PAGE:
You drive defensively. Seat belted. Laser focused on the road and the cars around you. You don’t drink and drive. No texting. You pull over to make phone calls.
Despite your caution and discipline, you might not escape unbruised from the gauntlet of accidents, drunk drivers and uninsured motorists on Florida roadways. Motorcyclists are especially vulnerable.
“Drive defensively and insure yourself defensively,” Sarasota attorney Gregory P. Linehan advises. “A lot of people are not as responsible as you are. Protect yourself and your loved ones from the irresponsible.”
“In 2010, there were 9,465 traffic accidents in Sarasota County,” Linehan says. “Forty people died in these accidents and hundreds were injured, some seriously. Police officers, sheriff’s deputies and state troopers arrested 1,245 drivers in Sarasota County for driving under the influence (DUI). To add insult to injury, some of the at-fault drivers involved in these accidents were uninsured or underinsured motorists.”
Linehan suggests motorists check their auto policies to ensure they have more-than-adequate Personal Injury Protection (PIP) and property damage liability insurance coverage, and include uninsured/underinsured motorist coverage to avoid catastrophic losses.
The Insurance Research Council estimates that 24 percent (about one in four) of Florida drivers are uninsured or underinsured. As the economy squeezes household budgets, more Floridians will drop the insurance coverage on their cars and trucks. They “go naked,” and gamble that they won’t be stopped by a law enforcement officer or be involved in an accident. It’s against the law. Florida requires drivers and vehicle owners to carry a minimum of insurance coverage: $10,000 per person and $20,000 per accident. Nonetheless, Florida is among the top five states in the country with the most uninsured motorists.
Defend Against Disaster
Linehan says because of the low minimum insurance coverage required of Florida drivers, uninsured/underinsured motorist insurance coverage is especially good to have in Florida.
“The uninsured go completely naked,” he says. “The underinsured are those who buy the $10,000 minimum of Personal Injury Protection (PIP) and the $10,000 minimum of property damage liability insurance required by the state. PIP would provide limited lost wages coverage. But, even a short hospital stay for a victim of a serious vehicle accident can easily consume $10,000.”
There are added benefits to this coverage. Uninsured/underinsured motorist coverage provides for lost wages if an accident causes you to miss time from work. It is unlikely that health insurance would provide lost-wages coverage.
Uninsured/underinsured motorist insurance also provides a pain and suffering benefit. An uninsured motorist who can’t pay for insurance probably likely does not have personal assets to settle a pain and suffering claim.
With uninsured/underinsured motorist insurance your insurance provider would be responsible for damages that otherwise would have been the responsibility of an at-fault driver.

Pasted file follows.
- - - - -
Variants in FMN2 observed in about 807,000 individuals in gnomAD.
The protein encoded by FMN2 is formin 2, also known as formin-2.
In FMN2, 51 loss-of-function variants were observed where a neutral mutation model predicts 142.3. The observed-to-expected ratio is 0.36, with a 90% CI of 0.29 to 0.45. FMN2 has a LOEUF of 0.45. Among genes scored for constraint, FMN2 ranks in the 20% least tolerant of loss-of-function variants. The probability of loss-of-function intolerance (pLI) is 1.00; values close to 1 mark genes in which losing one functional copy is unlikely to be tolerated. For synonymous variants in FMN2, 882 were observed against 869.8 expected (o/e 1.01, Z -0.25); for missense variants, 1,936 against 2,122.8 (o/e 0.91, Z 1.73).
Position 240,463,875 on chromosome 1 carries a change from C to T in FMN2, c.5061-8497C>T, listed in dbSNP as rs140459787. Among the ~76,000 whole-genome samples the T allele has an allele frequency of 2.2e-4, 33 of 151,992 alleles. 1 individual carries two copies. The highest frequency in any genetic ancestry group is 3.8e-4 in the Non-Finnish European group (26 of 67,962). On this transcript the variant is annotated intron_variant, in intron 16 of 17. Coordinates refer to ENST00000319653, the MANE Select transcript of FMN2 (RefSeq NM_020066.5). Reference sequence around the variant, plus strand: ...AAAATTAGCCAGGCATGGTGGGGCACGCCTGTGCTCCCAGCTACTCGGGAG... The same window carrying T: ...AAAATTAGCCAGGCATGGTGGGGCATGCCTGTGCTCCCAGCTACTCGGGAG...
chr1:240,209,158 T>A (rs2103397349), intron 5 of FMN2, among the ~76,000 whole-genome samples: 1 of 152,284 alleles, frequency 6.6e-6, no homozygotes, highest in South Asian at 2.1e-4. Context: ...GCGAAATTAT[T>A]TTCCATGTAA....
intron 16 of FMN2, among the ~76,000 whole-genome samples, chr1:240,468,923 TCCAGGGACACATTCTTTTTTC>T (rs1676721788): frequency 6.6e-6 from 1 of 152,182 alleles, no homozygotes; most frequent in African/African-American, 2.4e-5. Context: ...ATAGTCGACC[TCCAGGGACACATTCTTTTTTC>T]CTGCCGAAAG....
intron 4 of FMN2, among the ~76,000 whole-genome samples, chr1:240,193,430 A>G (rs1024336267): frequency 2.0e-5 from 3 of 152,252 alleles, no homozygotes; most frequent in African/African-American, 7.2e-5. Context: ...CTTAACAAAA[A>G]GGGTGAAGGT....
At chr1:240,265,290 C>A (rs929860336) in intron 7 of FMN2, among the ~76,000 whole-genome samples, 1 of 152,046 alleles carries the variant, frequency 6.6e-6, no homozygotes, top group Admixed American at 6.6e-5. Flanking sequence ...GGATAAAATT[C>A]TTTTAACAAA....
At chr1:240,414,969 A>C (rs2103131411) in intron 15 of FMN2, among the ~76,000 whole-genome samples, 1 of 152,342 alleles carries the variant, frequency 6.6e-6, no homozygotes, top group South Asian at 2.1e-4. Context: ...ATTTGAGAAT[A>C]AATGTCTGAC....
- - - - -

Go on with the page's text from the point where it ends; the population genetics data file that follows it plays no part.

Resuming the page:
Under Florida law, when a motorist elects not to include uninsured motorist coverage on their policy, they must sign a specifically worded form so they fully understand they do not have this coverage.
Non-Stacked vs. Stacked Coverage
If a Floridian decides to buy uninsured motorist coverage, he or she has the option to purchase non-stacked (limited) or stacked coverage.
Under non-stacked coverage, if someone is injured in a vehicle owned or leased by you or a family member who resides with you, the policy will apply only to the extent of that vehicle’s coverage. If you are injured while in someone else’s vehicle, or you are hit as a pedestrian, you are entitled to select the highest limits of uninsured motorists coverage available on any one vehicle for which you are a named insured, insured family member, or insured resident of the named insured’s household.
Stacking is an option that allows you to increase the limits you select for your uninsured motorist insurance coverage. Limits increase based on the number of cars that you insure. This increased level of protection typically will increase your insurance premium.
Here’s an example of stacking: Jim has limits of $100,000/$300,000 for his uninsured motorist coverage and is insuring two vehicles. If he leaves them non-stacked, Jim’s limits would stay at $100,000/$300,000. If Jim instead chooses to stack his coverage, then his limits would double to $200,000/$600,000.
Since stacking is the application of more than one policy limit to the same loss or occurrence, if you only have one vehicle on your policy, then there would be no coverage to stack. With a single car policy there is no multi-coverage to stack, thus no benefit, since this option would not be available to you.
Insurers often offer non-stacked coverage at a reduced rate, since they will only pay the maximum amount allowed for one insured automobile.
Before Leaving the Driveway
“Insurance mitigates risk and provides a shield against economic disaster for the insured and their loved ones,” Linehan says. “We recommend that you contact your insurer and review your coverage. And don’t hesitate to call Wittmer | Linehan if you have any questions regarding your rights or legal obligations.”